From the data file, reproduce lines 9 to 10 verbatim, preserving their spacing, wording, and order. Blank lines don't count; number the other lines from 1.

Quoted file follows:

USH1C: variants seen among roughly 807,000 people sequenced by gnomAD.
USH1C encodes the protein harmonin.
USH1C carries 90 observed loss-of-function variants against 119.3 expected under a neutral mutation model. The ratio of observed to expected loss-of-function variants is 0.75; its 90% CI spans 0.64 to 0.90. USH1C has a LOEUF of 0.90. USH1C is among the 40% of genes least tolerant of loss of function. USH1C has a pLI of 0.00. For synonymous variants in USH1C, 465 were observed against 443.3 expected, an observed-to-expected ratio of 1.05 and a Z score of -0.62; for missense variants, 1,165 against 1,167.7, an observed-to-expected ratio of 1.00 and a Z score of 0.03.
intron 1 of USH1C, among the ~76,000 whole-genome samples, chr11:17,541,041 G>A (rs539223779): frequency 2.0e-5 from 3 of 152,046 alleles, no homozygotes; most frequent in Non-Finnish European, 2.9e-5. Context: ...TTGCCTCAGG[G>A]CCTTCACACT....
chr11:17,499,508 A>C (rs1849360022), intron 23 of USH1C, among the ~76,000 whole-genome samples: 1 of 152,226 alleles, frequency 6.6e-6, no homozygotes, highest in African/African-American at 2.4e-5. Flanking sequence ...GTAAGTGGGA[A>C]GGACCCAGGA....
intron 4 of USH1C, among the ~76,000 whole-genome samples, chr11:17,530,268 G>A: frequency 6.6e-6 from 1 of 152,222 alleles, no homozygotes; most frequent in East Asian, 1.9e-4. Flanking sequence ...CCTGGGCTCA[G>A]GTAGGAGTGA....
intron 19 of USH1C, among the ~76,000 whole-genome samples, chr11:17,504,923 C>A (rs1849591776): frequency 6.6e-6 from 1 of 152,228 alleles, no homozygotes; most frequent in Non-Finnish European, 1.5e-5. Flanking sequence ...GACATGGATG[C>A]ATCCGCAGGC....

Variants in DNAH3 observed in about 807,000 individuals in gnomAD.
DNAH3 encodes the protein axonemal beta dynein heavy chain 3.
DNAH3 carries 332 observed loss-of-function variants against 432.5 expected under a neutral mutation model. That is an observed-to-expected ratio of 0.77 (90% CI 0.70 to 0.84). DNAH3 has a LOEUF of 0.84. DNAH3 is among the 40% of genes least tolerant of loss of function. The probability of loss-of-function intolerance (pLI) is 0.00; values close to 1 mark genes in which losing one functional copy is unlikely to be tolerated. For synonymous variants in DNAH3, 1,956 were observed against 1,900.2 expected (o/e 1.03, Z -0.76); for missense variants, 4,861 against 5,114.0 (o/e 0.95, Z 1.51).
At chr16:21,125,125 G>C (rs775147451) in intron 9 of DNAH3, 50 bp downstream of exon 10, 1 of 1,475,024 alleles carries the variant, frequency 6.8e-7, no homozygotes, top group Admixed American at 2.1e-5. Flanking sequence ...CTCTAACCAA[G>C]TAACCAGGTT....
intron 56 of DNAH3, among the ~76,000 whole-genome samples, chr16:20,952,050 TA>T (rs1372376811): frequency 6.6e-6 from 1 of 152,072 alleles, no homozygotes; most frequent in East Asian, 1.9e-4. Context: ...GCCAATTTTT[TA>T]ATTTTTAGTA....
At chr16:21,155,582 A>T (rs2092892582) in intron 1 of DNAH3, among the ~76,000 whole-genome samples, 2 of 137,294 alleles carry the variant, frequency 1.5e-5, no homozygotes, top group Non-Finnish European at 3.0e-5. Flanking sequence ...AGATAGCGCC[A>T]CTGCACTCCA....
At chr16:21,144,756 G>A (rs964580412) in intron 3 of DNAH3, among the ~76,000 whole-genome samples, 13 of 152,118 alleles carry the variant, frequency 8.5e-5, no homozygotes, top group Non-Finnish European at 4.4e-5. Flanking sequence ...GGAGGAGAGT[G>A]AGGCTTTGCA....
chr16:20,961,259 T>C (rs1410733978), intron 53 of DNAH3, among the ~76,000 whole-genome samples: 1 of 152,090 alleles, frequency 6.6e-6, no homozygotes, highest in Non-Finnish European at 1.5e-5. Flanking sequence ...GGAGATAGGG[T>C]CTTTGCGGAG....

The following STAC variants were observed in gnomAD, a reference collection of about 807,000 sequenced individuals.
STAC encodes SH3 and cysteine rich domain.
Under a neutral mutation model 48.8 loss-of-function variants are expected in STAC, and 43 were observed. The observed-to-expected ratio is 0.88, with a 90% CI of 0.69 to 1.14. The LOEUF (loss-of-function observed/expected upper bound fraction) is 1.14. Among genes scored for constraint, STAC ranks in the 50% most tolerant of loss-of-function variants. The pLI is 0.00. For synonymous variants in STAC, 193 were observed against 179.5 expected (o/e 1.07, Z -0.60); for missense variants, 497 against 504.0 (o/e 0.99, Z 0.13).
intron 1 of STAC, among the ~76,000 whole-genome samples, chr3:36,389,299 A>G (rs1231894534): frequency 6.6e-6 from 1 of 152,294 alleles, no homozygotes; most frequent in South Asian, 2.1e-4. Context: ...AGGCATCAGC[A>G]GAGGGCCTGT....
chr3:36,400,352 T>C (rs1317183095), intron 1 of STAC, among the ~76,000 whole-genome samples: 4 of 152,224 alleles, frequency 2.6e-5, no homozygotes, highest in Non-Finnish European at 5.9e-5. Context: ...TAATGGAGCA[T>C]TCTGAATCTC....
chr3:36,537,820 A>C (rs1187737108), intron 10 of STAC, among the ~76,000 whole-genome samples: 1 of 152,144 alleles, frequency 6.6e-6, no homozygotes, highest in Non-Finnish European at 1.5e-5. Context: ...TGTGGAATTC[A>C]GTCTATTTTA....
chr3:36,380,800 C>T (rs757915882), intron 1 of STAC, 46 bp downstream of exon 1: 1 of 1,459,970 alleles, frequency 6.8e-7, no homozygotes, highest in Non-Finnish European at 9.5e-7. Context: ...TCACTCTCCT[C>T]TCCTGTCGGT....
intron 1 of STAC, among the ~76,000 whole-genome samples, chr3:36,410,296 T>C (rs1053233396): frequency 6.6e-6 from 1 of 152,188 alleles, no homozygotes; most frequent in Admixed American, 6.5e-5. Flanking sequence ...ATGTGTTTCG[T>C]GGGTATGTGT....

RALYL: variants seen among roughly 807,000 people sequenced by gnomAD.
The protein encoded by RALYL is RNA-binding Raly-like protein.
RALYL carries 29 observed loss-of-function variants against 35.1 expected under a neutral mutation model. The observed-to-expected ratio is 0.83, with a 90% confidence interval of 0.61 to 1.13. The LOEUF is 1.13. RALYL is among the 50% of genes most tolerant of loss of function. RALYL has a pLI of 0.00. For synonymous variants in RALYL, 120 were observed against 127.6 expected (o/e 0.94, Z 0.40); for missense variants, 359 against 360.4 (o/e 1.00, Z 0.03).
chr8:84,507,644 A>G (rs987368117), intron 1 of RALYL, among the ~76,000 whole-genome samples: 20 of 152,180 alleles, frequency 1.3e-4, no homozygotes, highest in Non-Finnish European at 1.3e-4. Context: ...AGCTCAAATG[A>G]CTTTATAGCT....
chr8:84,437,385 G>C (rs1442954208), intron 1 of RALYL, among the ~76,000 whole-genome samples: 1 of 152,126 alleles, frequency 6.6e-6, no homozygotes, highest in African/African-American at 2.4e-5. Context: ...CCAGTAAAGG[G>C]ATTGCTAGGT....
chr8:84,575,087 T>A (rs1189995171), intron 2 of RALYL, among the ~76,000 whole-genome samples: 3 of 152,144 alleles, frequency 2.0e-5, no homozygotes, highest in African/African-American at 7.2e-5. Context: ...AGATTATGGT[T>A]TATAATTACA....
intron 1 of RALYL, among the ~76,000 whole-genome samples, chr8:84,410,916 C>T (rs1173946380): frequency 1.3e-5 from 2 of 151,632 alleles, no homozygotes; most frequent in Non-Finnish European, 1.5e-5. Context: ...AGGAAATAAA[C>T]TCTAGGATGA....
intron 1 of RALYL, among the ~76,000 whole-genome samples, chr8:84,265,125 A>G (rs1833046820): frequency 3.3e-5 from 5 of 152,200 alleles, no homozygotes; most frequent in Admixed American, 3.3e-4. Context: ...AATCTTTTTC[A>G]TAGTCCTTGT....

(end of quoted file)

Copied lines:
DNAH3 encodes the protein axonemal beta dynein heavy chain 3.
DNAH3 carries 332 observed loss-of-function variants against 432.5 expected under a neutral mutation model. That is an observed-to-expected ratio of 0.77 (90% CI 0.70 to 0.84). DNAH3 has a LOEUF of 0.84. DNAH3 is among the 40% of genes least tolerant of loss of function. The probability of loss-of-function intolerance (pLI) is 0.00; values close to 1 mark genes in which losing one functional copy is unlikely to be tolerated. For synonymous variants in DNAH3, 1,956 were observed against 1,900.2 expected (o/e 1.03, Z -0.76); for missense variants, 4,861 against 5,114.0 (o/e 0.95, Z 1.51).